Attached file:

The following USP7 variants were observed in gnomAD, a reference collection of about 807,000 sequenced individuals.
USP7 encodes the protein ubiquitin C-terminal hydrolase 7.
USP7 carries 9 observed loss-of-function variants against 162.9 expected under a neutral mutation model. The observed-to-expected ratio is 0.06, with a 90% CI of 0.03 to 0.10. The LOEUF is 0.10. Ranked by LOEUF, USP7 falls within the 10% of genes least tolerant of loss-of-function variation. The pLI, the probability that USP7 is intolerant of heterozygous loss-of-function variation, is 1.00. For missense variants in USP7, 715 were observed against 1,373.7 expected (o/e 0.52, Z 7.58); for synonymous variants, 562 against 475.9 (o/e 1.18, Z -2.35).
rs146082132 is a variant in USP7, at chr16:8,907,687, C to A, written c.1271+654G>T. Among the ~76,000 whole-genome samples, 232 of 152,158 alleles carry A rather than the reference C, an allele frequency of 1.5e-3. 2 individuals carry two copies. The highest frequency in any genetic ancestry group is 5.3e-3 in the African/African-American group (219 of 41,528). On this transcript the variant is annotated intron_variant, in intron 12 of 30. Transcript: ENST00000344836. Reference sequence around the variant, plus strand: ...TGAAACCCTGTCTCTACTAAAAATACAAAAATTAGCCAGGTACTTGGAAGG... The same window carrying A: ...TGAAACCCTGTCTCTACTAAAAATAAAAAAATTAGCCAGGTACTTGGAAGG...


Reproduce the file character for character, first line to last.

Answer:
The following USP7 variants were observed in gnomAD, a reference collection of about 807,000 sequenced individuals.
USP7 encodes the protein ubiquitin C-terminal hydrolase 7.
USP7 carries 9 observed loss-of-function variants against 162.9 expected under a neutral mutation model. The observed-to-expected ratio is 0.06, with a 90% CI of 0.03 to 0.10. The LOEUF is 0.10. Ranked by LOEUF, USP7 falls within the 10% of genes least tolerant of loss-of-function variation. The pLI, the probability that USP7 is intolerant of heterozygous loss-of-function variation, is 1.00. For missense variants in USP7, 715 were observed against 1,373.7 expected (o/e 0.52, Z 7.58); for synonymous variants, 562 against 475.9 (o/e 1.18, Z -2.35).
rs146082132 is a variant in USP7, at chr16:8,907,687, C to A, written c.1271+654G>T. Among the ~76,000 whole-genome samples, 232 of 152,158 alleles carry A rather than the reference C, an allele frequency of 1.5e-3. 2 individuals carry two copies. The highest frequency in any genetic ancestry group is 5.3e-3 in the African/African-American group (219 of 41,528). On this transcript the variant is annotated intron_variant, in intron 12 of 30. Transcript: ENST00000344836. Reference sequence around the variant, plus strand: ...TGAAACCCTGTCTCTACTAAAAATACAAAAATTAGCCAGGTACTTGGAAGG... The same window carrying A: ...TGAAACCCTGTCTCTACTAAAAATAAAAAAATTAGCCAGGTACTTGGAAGG...